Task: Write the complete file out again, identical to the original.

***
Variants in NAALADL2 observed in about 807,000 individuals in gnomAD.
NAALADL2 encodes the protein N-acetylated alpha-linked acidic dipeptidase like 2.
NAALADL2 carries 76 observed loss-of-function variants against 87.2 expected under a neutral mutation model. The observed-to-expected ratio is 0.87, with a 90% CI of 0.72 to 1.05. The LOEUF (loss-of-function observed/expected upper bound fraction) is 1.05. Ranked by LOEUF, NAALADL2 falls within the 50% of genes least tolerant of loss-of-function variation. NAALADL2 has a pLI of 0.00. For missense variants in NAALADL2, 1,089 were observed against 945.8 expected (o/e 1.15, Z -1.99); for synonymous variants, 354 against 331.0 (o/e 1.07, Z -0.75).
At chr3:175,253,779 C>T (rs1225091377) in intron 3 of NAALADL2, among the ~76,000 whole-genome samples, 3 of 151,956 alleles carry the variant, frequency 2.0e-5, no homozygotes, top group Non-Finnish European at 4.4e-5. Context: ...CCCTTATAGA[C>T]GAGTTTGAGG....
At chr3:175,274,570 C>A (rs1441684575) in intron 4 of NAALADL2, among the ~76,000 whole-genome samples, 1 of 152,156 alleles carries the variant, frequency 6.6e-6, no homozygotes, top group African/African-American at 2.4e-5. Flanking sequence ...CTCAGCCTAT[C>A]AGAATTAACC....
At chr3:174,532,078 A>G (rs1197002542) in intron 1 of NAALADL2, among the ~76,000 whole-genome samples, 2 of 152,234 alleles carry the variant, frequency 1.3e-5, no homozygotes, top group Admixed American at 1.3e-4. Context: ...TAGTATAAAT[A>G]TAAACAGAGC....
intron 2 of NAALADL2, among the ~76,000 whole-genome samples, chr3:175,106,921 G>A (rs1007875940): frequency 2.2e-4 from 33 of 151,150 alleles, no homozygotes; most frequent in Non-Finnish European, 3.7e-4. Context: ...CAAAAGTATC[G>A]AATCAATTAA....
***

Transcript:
Variants in NAALADL2 observed in about 807,000 individuals in gnomAD.
NAALADL2 encodes the protein N-acetylated alpha-linked acidic dipeptidase like 2.
NAALADL2 carries 76 observed loss-of-function variants against 87.2 expected under a neutral mutation model. The observed-to-expected ratio is 0.87, with a 90% CI of 0.72 to 1.05. The LOEUF (loss-of-function observed/expected upper bound fraction) is 1.05. Ranked by LOEUF, NAALADL2 falls within the 50% of genes least tolerant of loss-of-function variation. NAALADL2 has a pLI of 0.00. For missense variants in NAALADL2, 1,089 were observed against 945.8 expected (o/e 1.15, Z -1.99); for synonymous variants, 354 against 331.0 (o/e 1.07, Z -0.75).
At chr3:175,253,779 C>T (rs1225091377) in intron 3 of NAALADL2, among the ~76,000 whole-genome samples, 3 of 151,956 alleles carry the variant, frequency 2.0e-5, no homozygotes, top group Non-Finnish European at 4.4e-5. Context: ...CCCTTATAGA[C>T]GAGTTTGAGG....
At chr3:175,274,570 C>A (rs1441684575) in intron 4 of NAALADL2, among the ~76,000 whole-genome samples, 1 of 152,156 alleles carries the variant, frequency 6.6e-6, no homozygotes, top group African/African-American at 2.4e-5. Flanking sequence ...CTCAGCCTAT[C>A]AGAATTAACC....
At chr3:174,532,078 A>G (rs1197002542) in intron 1 of NAALADL2, among the ~76,000 whole-genome samples, 2 of 152,234 alleles carry the variant, frequency 1.3e-5, no homozygotes, top group Admixed American at 1.3e-4. Context: ...TAGTATAAAT[A>G]TAAACAGAGC....
intron 2 of NAALADL2, among the ~76,000 whole-genome samples, chr3:175,106,921 G>A (rs1007875940): frequency 2.2e-4 from 33 of 151,150 alleles, no homozygotes; most frequent in Non-Finnish European, 3.7e-4. Context: ...CAAAAGTATC[G>A]AATCAATTAA....